It has almost one year since I have known about you. Next Wednesday will be the actual anniversary day. I'm thinking about some special way to honor and observe the day. Tomorrow I'll purchase some yellow ribbons. I'll place them in my home and place of work. Throughout history, they have symbolized the unshakable faith in and trust for the safe return of a loved one. I'll keep my vigil with the utmost trust. Each time I see these ribbons I'll whisper a prayer for your safety and your return.
Thursday, November 25, 2010
It has been a very long time since I have thought of Baby Hughie. The mother/infant system is obvious and completely visible in orangutans. Birute Galdikas continues to be my teacher from afar. I studied Anthropology in depth as a college student. Much of what I studied didn't sink in, as I had just relinquished my son to adoption. I wonder what happened to Hughie. I will have to find out. Just a few days ago a new mother that works in my local market told me that her pediatrician said not to worry about leaving the baby when she returned to work. The mother was beside herself with grief in leaving her baby. The doctor told her that this will help the baby deal with the separation inherent in life. I enlightened her. I told her about the mother/infant system and to be with her baby as much as she wants and can. She was relieved. I see that some professionals are still disseminating false information. Hughie needed to be with his mother or surrogate mother around the clock. I am waking up to the tragic, subtle coercion of adoption as it occurred in my life.
Here's the entry for now: from The Gift Wrapped in Sorrow, 1999
Here's the entry for now: from The Gift Wrapped in Sorrow, 1999
Relinquishing a child sets the stage
for a lifetime of longings and sorrow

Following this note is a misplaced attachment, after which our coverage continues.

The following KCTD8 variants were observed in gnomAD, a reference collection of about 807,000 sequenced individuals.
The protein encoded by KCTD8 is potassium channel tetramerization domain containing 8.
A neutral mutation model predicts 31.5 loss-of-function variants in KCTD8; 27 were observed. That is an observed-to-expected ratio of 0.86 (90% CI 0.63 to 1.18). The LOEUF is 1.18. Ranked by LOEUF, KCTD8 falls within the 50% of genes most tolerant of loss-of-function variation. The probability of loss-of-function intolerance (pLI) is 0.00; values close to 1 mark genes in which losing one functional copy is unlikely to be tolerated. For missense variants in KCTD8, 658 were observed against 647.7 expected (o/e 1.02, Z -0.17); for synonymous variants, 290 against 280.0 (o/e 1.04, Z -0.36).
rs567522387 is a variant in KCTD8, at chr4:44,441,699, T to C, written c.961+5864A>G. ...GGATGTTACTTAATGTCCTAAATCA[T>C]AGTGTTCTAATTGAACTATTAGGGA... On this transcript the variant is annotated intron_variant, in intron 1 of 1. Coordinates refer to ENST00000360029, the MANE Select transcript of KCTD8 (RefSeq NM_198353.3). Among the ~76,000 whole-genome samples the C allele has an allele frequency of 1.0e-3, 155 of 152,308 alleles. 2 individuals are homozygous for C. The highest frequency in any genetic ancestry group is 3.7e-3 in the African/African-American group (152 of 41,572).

I think back to the conventional wisdom of the sixties. It didn’t support our humanity. It’s not within the scope of our humanity to separate children from their parents without first exploring every possible alternative. I like to think that both my son and I could have weathered the challenges facing me at that time. I could have dealt with the trials as well, especially if the social system supported those areas that were not in my realm of experience.
Relinquishment is inherently distressing to all involved. It does not support the natural unfolding of the life process. It interrupts the most significant bond that exists between humans. Anthropologists and primatologists have spent lifetimes delving into the bond between primates. Recently I had the opportunity of watching one of the most eminent scholars of primates,Birute Galdikas, (Orangutans,In The Wild, May 20, 1999 PBS). She provides surrogate parenting for orphaned orangutans. Watching the exchanges between mother and infant show us the magnificent cord that unites mother to child, regardless of the specie. These primates clearly illustrate the depth of the maternal essence. If, as speculated, we are truly evolved, advanced beings, would it not then follow that we would acknowledge and protect the most sacred aspect of our humanity?